What a complete and utter disaster the last few days have been!...(weather wise that is) Here we are at the beginning of Summer and we've had nothing but bloody rain for days on end, so that meant that I couldn't get out and do the garden.
What it did mean though was that I could spend all the Bank Holiday (plus a couple of extra days) in the 'shop. The first thing I did was to get the door on the Elm Cabinet II to hang properly with the right shadow gap all round (approx .7mm) and after that it was a good bit of detail sanding followed by a couple of coats of Osmo - PolyX .
I then started on the stand and I think by COP last night I'd just about cracked it, with all the mortise and tenons done and the legs shaped. I decided to do something particularly cunning with the lower stretcher rail (the one right at the bottom of the stand near the floor) by shaping it in two planes so that there's a double curvature to it...the thinking was to try and make it appear much 'lighter'. If I'd left it as a solid rectangular block I think it would have looked too heavy. The main stretcher rail joints were Bird's Mouth m/t, something I hadn't done for a very long time (30 years), so it was good to refresh those skills and as it happens, they've turned out really well. The side joints were wedged and exposed m/t's exactly the same as I did on Elm Chest I...some care needed to do them, but fairly straight forward. The next thing to do will be to sort out the shaping for the cross - rail front and back together with the bearer rails that the main chest will sit on, so a lot more to do yet.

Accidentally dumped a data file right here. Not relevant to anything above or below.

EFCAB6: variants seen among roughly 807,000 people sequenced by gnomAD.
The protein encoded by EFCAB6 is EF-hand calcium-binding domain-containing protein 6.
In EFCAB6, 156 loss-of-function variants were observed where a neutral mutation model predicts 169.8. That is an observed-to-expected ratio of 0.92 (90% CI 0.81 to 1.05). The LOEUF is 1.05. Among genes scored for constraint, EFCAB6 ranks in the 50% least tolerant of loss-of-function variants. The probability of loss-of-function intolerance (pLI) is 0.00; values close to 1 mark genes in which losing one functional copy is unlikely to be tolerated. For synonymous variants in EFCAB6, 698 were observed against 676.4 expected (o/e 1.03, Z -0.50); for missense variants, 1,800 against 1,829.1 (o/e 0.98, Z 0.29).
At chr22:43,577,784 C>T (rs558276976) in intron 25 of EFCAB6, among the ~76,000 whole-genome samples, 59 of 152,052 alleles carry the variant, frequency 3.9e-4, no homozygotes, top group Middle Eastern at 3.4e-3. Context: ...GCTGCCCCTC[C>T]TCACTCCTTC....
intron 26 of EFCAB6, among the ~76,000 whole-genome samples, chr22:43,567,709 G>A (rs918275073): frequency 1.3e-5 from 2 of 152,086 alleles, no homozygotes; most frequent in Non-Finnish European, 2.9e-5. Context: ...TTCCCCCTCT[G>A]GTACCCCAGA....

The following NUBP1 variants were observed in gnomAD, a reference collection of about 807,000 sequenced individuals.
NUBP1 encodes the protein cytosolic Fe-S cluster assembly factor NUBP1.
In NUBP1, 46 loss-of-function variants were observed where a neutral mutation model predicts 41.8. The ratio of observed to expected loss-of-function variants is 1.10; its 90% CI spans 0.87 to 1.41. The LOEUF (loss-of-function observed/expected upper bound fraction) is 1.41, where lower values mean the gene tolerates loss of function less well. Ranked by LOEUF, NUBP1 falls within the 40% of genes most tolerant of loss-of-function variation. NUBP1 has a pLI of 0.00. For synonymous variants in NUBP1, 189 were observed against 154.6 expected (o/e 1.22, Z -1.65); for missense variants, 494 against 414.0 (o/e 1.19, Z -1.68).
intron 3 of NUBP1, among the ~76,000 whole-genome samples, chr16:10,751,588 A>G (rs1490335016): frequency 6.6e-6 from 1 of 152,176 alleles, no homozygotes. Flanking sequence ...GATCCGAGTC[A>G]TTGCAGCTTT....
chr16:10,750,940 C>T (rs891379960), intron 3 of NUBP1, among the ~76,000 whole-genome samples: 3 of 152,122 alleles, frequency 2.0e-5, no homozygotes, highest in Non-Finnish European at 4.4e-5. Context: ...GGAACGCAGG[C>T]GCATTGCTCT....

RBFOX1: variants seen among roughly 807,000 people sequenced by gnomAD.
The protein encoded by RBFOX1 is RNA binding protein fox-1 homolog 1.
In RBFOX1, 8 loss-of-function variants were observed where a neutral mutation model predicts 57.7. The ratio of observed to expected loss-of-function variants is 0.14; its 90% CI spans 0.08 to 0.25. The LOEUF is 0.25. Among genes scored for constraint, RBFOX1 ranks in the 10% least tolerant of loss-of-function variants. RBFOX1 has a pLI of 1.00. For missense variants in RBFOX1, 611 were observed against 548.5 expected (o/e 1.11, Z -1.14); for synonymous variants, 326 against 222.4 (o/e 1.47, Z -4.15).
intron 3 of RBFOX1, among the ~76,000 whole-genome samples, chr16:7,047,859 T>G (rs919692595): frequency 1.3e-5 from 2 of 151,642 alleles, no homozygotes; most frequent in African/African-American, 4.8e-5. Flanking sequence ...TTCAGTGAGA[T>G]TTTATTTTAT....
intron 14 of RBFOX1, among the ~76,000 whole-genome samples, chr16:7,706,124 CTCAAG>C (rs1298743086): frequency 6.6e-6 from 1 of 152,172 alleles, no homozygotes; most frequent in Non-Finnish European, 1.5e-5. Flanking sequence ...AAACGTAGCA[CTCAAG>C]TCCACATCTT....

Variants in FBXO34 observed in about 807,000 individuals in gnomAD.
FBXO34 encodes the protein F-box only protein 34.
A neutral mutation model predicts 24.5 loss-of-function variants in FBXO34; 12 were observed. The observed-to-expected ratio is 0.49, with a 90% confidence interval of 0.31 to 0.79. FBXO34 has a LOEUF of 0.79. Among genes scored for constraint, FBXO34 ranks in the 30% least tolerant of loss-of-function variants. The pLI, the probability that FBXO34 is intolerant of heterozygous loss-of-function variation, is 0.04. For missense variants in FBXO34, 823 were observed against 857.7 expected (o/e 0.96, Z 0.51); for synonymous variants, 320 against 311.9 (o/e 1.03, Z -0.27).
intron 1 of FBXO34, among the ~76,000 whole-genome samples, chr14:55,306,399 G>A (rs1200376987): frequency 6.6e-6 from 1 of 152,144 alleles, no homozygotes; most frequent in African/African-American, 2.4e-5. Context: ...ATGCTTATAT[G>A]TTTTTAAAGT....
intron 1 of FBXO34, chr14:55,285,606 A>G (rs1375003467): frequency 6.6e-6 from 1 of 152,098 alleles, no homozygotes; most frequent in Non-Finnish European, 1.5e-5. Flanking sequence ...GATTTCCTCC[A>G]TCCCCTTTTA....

I've decided that from now on I'm going to 'stretch the envelope' and 'explore the boundaries', 'tread boldly and go where no man has gone before....' of what I can do...so often I just seem to do square, slabby sort of stuff, which is tricky enough but ultimately quite boring, so from now on, my stuff will have a lot more curvaceous elements to it, that's the plan anyway.